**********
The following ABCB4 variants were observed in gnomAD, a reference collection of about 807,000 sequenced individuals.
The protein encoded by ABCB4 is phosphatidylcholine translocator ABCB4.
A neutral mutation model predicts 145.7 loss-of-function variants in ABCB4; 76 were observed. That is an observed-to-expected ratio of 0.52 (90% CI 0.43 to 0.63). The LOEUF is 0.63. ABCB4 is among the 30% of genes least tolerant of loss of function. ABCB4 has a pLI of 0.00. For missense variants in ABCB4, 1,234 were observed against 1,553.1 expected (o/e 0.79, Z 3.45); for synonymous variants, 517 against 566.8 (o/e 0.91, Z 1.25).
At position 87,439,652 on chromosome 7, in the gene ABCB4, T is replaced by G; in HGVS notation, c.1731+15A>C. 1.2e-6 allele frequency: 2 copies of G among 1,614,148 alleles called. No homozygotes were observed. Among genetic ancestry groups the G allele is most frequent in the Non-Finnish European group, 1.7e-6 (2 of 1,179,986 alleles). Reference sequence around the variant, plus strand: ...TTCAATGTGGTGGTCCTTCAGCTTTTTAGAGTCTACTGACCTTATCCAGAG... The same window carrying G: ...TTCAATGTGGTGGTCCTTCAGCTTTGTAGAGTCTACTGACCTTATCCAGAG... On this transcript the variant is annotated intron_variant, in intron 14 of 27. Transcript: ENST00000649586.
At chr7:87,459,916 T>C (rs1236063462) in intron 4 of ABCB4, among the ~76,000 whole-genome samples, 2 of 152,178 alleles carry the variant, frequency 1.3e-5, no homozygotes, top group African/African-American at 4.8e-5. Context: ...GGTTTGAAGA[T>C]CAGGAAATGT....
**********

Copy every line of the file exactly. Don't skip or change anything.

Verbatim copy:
The following ABCB4 variants were observed in gnomAD, a reference collection of about 807,000 sequenced individuals.
The protein encoded by ABCB4 is phosphatidylcholine translocator ABCB4.
A neutral mutation model predicts 145.7 loss-of-function variants in ABCB4; 76 were observed. That is an observed-to-expected ratio of 0.52 (90% CI 0.43 to 0.63). The LOEUF is 0.63. ABCB4 is among the 30% of genes least tolerant of loss of function. ABCB4 has a pLI of 0.00. For missense variants in ABCB4, 1,234 were observed against 1,553.1 expected (o/e 0.79, Z 3.45); for synonymous variants, 517 against 566.8 (o/e 0.91, Z 1.25).
At position 87,439,652 on chromosome 7, in the gene ABCB4, T is replaced by G; in HGVS notation, c.1731+15A>C. 1.2e-6 allele frequency: 2 copies of G among 1,614,148 alleles called. No homozygotes were observed. Among genetic ancestry groups the G allele is most frequent in the Non-Finnish European group, 1.7e-6 (2 of 1,179,986 alleles). Reference sequence around the variant, plus strand: ...TTCAATGTGGTGGTCCTTCAGCTTTTTAGAGTCTACTGACCTTATCCAGAG... The same window carrying G: ...TTCAATGTGGTGGTCCTTCAGCTTTGTAGAGTCTACTGACCTTATCCAGAG... On this transcript the variant is annotated intron_variant, in intron 14 of 27. Transcript: ENST00000649586.
At chr7:87,459,916 T>C (rs1236063462) in intron 4 of ABCB4, among the ~76,000 whole-genome samples, 2 of 152,178 alleles carry the variant, frequency 1.3e-5, no homozygotes, top group African/African-American at 4.8e-5. Context: ...GGTTTGAAGA[T>C]CAGGAAATGT....